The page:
Indian homebuilders, facing the highest borrowing costs in two years, are enticing homebuyers to help finance projects as they work to revive sales and cut debt.
Developers including Mumbai-based DB Realty Ltd. and Sunteck Realty Ltd. (SRIN) are offering to make buyers’ mortgage payments while their home is being built in return for an upfront deposit of as much as 30 percent that they’ll use to help fund construction. Indian mortgage rates, among the highest in Asia at about 10 percent on average, are still preferable to rates for commercial-bank construction loans, about 15 percent.
“Developers are looking to counter a slowdown in volumes through these schemes,” said Bhaskar Chakraborty, a Mumbai- based analyst at brokerage IIFL Ltd. “Affordability in Mumbai is the most adverse across major metros, with apartment-sale registrations in the city languishing at a three-year low.”
Indian builders are struggling to reduce debt and increase sales with interest rates near a two-year high and prices at a record high in Mumbai, the country’s financial capital. With sales slowing, the financing plans provide an incentive to potential buyers, and immediate cash for builders. The combined debt of India’s six largest developers climbed to a record 370 billion rupees ($6.8 billion) in the 12 months through March 31, more than double the 158.8 billion rupees in 2007, according to data compiled by IIFL.
Such financing plans, which tend to stoke demand from property investors rather than those planning to live in the purchased homes, could prompt further tightening measures from the central bank, Chakraborty said. Investors, deferring payments are betting on rising home prices to exit, when the apartment is ready.
The Reserve Bank of India in 2010 asked banks to set aside more money against loans on so-called teaser rates, where buyers get discounted interest rates in the initial years. It also capped housing loans at 80 percent of the property value, from 90 percent, as it sought to check rising home prices.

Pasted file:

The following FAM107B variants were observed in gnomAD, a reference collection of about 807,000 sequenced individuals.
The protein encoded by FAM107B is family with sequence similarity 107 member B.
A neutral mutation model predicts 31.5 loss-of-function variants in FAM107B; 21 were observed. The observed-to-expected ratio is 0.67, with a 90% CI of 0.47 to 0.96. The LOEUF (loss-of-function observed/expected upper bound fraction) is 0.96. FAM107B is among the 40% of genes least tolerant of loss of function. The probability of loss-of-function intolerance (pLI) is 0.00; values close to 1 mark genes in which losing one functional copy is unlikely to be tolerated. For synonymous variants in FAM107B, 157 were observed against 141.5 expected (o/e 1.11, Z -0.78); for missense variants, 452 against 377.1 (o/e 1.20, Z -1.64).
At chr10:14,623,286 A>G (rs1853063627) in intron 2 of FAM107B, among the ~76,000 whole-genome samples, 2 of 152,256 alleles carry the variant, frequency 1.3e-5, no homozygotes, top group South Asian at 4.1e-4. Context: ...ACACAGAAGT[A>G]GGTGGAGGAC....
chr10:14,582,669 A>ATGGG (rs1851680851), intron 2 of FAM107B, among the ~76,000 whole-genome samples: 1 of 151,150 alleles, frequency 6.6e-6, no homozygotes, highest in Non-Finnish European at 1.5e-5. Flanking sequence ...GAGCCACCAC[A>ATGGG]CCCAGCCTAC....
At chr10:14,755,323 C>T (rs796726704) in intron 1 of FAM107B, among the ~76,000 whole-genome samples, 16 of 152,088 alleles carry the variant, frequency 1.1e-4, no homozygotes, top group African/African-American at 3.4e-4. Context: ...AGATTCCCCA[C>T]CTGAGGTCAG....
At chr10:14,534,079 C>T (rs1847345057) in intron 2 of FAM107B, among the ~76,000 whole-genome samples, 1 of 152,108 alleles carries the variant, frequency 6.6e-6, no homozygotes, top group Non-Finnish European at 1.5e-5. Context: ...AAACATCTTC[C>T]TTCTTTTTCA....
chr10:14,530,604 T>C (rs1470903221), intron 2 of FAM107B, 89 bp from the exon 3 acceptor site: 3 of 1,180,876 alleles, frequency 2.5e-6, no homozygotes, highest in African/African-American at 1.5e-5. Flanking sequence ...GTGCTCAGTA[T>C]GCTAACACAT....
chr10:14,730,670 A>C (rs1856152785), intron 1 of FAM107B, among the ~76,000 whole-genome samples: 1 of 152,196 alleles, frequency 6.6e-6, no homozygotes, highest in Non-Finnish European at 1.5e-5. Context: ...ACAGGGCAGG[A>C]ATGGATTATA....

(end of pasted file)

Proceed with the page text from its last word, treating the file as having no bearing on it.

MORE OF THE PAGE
The financing options are being advertised as 20:80 because homebuyers have to pay 20 percent of the value of the home at the time of purchase, while lenders offer mortgages for a maximum of 80 percent of the value. Builders agree to pay the mortgage for up to two years, promising completion of the home in that period.
The offer by DB Realty (DBRL), the worst performer on the National Stock Exchange’s 10-member property index this year, allows buyers to pay 19.9 percent of the cost when they buy and the rest when the apartment is completed. Sunteck Realty is asking for 30 percent of the home value upfront.
The property index slid 1.7 percent at 2:15 p.m. in Mumbai trading. DB Realty fell 1.5 percent to 63.95 rupees, while Sunteck climbed 0.2 percent to 416.85 rupees.
The stock of unsold homes at new residential projects climbed to a record in the quarter ended Dec. 31, as rising prices crimped affordability in the nation’s biggest cities, according to Pankaj Kapoor, founder of property research company Liases Foras Real Estate Rating & Research Pvt. Total unsold inventory of residential stock in the six major cities tracked by Liases Foras climbed to 100 million square feet (9.3 million square meters), the highest since 2009.
Home prices in Mumbai, India’s most expensive real estate market, rose to a record high at 11,626 rupees a square foot in the quarter ended March 31, according to data from Liases Foras.
Construction delays present the biggest risk for homebuyers. If the project isn’t completed within the two years, the buyer will have to start making payments on a home they can’t move into.
“For two years, the developer will pay the interest, but the big assumption there is that the project will be completed,” said Ambar Maheshwari, managing director of corporate finance at property brokerage Jones Lang LaSalle India. “If the project isn’t completed or is delayed, the bank will come after the buyer, not the developer, in the event of a default.”
Construction delays are rampant in India. Sixty-one percent of developments in eight cities across India are not completed on time, according to data from Liases Foras. Twelve percent are delayed by more than two years, the data showed.
Developers are also raising prices as a tradeoff for paying buyers’ mortgages.